Well. So let's start with this. A brand is not a logo. A brand is something else. A brand is a set of promises and exhibition. Expectations that people have about something they're about to engage with, that they wouldn't have had if you were generic. So I would argue every human on Earth is either a brand to someone, or invisible. Those are the only two choices. So if you every day on your way to work in Mumbai, pass a tea vendor on the corner, he or she has a brand, because they're going to act the same way every time you meet them. That's what you expect. Otherwise, we'd never be able to process all the incoming in our life, we process it, because we can ignore most of it. So you have a brand? That's not the question. The question is, is it the brand you want. And if you want to make it the brand you want, that's going to take some effort. Now you could say my brand is however, the way I feel today, I'll say whatever pops into my head. And if you do that, then you become one of those cranky old men on YouTube are spouting off about stuff that no one wants to hear. But for the rest of us, the same way that Nike or Western Union, or Uber has a brand and that on a good day, they stay on brand. As humans, we can do the same thing. What does it sound like when we sound like us? Well, you should try to sound like that.

Jay Clouse 31:14
How much do you think about that for you? And what does that process sound like?

Seth Godin 31:19
Oh, I think about it all the time. And, you know, I can't even remember which airline their slogan was, we really like to fly and it shows. Well, I would really prefer to fly at an airline and people who say, it's our job to fly you there safely without annoying you every time. Because I don't want my experience to be based on whether you like flying or not, not my problem.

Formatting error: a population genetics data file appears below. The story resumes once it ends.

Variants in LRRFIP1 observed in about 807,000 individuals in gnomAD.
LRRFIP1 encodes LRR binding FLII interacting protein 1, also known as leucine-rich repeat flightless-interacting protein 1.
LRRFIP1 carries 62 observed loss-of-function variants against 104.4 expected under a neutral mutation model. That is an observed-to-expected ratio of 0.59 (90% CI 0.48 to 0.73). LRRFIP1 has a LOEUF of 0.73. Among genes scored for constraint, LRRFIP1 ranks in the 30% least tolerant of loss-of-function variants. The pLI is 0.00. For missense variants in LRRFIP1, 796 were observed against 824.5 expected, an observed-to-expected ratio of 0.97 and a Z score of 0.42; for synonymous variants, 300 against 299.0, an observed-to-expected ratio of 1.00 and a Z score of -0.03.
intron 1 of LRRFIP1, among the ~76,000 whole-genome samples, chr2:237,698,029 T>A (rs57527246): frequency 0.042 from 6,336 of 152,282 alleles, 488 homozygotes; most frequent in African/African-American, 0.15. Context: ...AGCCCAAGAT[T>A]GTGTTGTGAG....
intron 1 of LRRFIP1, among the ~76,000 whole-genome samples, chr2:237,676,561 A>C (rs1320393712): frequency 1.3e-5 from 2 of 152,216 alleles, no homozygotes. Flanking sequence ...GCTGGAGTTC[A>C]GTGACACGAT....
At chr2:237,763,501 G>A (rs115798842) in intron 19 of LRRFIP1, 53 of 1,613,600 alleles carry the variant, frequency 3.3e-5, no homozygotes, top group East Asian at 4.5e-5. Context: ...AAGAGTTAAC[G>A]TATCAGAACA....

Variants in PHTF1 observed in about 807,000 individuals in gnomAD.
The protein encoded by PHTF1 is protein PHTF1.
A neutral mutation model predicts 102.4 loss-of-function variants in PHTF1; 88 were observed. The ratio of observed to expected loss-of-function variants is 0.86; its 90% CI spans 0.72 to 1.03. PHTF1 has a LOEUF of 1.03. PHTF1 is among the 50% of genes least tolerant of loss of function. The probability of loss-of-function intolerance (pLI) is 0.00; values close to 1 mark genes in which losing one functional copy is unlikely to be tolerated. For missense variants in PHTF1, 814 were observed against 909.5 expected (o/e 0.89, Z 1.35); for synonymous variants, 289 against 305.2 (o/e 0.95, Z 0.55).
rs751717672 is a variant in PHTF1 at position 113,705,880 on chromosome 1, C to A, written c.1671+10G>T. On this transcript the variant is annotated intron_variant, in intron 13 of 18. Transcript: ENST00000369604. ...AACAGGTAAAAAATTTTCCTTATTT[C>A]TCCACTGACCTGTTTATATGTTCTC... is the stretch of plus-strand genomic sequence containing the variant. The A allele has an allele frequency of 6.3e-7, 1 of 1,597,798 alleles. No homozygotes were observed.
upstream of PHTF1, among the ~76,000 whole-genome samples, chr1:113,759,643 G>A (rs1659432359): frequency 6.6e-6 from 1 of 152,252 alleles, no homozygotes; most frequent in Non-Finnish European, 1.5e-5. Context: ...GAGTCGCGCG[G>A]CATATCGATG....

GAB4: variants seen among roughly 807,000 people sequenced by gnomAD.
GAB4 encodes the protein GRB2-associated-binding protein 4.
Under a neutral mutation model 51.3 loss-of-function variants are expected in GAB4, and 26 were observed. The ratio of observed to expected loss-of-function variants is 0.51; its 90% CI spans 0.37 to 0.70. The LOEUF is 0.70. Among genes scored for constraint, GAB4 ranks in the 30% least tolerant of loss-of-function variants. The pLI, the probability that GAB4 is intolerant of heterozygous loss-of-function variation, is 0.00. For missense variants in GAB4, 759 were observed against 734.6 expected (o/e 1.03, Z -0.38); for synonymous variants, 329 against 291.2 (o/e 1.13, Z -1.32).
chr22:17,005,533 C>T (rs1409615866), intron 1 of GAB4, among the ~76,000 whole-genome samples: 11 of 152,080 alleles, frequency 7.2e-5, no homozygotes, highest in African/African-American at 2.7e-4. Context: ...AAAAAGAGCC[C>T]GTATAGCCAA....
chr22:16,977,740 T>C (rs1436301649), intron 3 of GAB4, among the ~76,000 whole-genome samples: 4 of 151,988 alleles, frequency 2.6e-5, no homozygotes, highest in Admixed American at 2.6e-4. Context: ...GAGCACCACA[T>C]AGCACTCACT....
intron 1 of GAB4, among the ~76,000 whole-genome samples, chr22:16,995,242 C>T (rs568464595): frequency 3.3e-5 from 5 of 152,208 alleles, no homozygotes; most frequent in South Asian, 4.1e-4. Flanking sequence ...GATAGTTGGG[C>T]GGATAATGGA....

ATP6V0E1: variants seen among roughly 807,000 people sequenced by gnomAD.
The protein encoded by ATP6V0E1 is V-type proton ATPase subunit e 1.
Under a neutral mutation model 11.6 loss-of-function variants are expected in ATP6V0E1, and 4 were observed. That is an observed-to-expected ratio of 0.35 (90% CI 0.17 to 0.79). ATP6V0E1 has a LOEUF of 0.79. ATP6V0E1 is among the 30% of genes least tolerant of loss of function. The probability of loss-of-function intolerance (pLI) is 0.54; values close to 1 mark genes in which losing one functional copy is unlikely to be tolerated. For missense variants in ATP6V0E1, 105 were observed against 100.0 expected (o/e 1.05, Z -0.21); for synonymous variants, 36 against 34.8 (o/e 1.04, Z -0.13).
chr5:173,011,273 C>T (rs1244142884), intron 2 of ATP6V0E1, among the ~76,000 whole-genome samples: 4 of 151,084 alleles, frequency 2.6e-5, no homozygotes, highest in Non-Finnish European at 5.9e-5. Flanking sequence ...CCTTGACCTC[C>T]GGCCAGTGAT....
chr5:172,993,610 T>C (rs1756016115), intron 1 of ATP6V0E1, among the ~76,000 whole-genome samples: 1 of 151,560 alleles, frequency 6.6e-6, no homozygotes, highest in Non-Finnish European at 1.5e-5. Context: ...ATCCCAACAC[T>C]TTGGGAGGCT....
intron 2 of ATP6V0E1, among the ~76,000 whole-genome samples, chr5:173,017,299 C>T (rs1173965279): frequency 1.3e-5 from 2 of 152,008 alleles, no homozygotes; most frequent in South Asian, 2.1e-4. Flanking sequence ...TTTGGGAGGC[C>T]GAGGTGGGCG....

Jay Clouse 31:44
So now that we've talked about consistency and what it takes to appeal to an audience, let's hear from Vanessa Van Edwards, my guest in Episode 11, about growth. Vanessa is the creator of science of people, author of the best selling book Captivate, and her blog is read by millions of readers. Vanessa told me that her key to growth has actually been leveraging other platforms.

Vanessa Van Edwards 32:05
Leveraging other platforms has been a really important piece of our business growth. So search is a foundation. So I barely even want to touch on that. Because it's so important that it's the foundation. Yes, you need to make sure that everything you do is optimized for what people actually want, which is what are they searching for? That's a foundation. The second thing is leveraging other people's platforms and pivoting for them. So very early on, my husband was so grateful for him. He said, hey, there's this course platform called Udemy. You know, they do like a lot of software courses and accounting courses and spreadsheet courses. But I bet you they would love a body language course. I was like, Okay, and so I'm looking at you to me, and I'm looking at their audience and their audiences at that time was very technical, a lot of engineers and so I thought I'm going to do a business body language course for these folks. A little pivot for me, that was not what I was writing about originally. So like I pivoted into, okay, what would the perfect course for you to me be. And I took my iPhone and I filmed a course on my iPhone in my kitchen. With all my lamps in my apartment. I dragged them over to the kitchen, I didn't have festival lights, I didn't even have personal microphone, I was using my phone,